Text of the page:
The waveform of the perturbing laser field can be reconstructed from the cutoff momentum shift \(\Delta p\left( \tau \right)\) using Eq. (1) (see the Methods section). The reconstructed waveforms obtained for both directions are consistent with each other as shown in Fig. 3d,f. The absolute phase of the waveforms is opposite for the two opposite CEPs as shown in Fig. 3d,e. We assigned the positive sign to the direction of the right arm of the stereoATI spectrometer and hence the positive (or negative) sign of the field corresponds to the field pointing toward the right (or left). To validate the accuracy of the reconstruction method, we reconstructed waveforms from the ATI spectra obtained numerically. The reconstructed waveforms for both directions (solid lines) are consistent with the original vector potential used in the numerical calculations as shown in Fig. 3f. In addition, we measured the waveform for different CEPs as shown in Fig. 3g. The CEP of the laser pulses was controlled by the wedge insertion thickness. The CEP shift expected from the theoretical values for a fused silica material is also shown in Fig. 3g. The slope of the two values, experimental and theoretical values, agrees well, showing the capability of the CEP measurement. Note that the absolute phase in Fig. 3g does not have the directional ambiguity in space, because the direction of the laser field can be fixed from the asymmetry measurement shown in Fig. 2.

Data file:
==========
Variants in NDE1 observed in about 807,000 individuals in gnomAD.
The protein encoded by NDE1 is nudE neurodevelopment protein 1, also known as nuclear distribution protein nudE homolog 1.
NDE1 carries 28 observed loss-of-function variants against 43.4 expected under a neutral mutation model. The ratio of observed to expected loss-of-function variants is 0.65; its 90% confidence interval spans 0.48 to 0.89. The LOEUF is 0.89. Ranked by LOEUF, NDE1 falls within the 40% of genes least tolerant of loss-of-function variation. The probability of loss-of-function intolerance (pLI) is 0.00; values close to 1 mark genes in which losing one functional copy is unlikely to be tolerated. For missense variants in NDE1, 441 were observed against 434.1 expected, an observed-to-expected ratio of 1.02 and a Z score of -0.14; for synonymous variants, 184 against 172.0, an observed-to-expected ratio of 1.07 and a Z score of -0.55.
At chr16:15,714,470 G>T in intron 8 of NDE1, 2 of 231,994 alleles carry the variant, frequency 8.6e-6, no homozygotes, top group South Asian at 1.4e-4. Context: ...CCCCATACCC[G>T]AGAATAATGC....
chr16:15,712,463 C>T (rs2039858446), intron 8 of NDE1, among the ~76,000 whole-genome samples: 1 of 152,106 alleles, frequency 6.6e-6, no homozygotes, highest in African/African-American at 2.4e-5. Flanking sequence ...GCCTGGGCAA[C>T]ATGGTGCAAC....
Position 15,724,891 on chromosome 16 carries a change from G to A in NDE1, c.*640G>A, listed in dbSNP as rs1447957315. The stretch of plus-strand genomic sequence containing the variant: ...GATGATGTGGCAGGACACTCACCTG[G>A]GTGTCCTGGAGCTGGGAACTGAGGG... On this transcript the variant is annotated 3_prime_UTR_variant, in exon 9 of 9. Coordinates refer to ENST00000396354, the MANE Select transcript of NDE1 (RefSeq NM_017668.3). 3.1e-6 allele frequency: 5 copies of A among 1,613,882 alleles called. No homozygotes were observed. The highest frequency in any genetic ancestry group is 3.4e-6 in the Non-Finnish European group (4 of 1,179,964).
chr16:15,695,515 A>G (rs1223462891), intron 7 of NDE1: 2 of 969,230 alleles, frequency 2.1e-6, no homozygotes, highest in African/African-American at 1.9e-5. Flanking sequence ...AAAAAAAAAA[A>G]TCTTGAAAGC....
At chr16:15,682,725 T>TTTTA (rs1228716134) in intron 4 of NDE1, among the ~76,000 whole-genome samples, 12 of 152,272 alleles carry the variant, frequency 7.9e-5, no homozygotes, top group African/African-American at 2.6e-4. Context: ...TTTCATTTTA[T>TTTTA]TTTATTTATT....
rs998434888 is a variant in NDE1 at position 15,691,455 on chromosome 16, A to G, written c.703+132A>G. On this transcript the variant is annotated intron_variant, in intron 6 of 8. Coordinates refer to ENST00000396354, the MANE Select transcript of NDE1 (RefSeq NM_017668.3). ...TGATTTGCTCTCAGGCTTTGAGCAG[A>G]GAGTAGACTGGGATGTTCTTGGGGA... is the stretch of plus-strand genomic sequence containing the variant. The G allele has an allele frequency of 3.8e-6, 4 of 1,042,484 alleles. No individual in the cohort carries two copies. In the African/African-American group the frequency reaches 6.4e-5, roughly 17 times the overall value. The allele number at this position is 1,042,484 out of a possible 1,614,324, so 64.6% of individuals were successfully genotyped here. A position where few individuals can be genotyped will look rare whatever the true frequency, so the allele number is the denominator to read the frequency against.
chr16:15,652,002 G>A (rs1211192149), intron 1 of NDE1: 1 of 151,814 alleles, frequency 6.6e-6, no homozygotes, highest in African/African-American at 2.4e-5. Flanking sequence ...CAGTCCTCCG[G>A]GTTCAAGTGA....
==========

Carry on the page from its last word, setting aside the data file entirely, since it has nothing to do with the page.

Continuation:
It is important to see if our approach is sensitive to the chirp of the laser pulse. For chirped laser pulse measurements, the main pulse should be fixed to the chirp free condition in which electrons liberated in a single half optical cycle contributes to the cutoff. The chirp of the perturbing laser field was controlled by a pair of glass wedges. Firstly, we performed a measurement with a chirp free perturbing laser pulse. Then, the ionization and rescattering times obtained for the chirp free perturbing laser pulse were used for the reconstruction of the chirped perturbing laser field (See the Methods section). The results of our measurements are summarized in Fig. 4. The reconstructed temporal waveforms are shown in Fig. 4d–f with corresponding ATI spectra shown in the upper panels. The spectral phases of the reconstructed pulses nicely exhibit the chirp structure of the positively chirped (Fig. 4a,d), chirpfree (Fig. 4b,e), and negatively chirped pulses (Fig. 4c,f) reconstructed for both the left (solid lines) and right (dashed lines) directions. The waveform measured along the two directions matches to each other even for their CEPs. We changed the fused silica insertion by \(\pm\) 0.6 mm, and the reconstructed group delay dispersions (GDD) for positively chirped, chirpfree, and negatively chirped pulses were + 23.8 fs^{2}, − 1.77 fs^{2}, and − 28.1 fs^{2}, respectively. The magnitude of the GDD difference between the positively chirped pulse and the chirpfree pulse is 25.6 fs^{2}, and that between the chirpfree and the negatively chirped pulse is 26.3 fs^{2}. The differences in GDD agree well with the expected GDD change 25.7 fs^{2} which can be calculated by groupvelocity dispersion of fused silica. These results confirm the accuracy of our new streaking technique.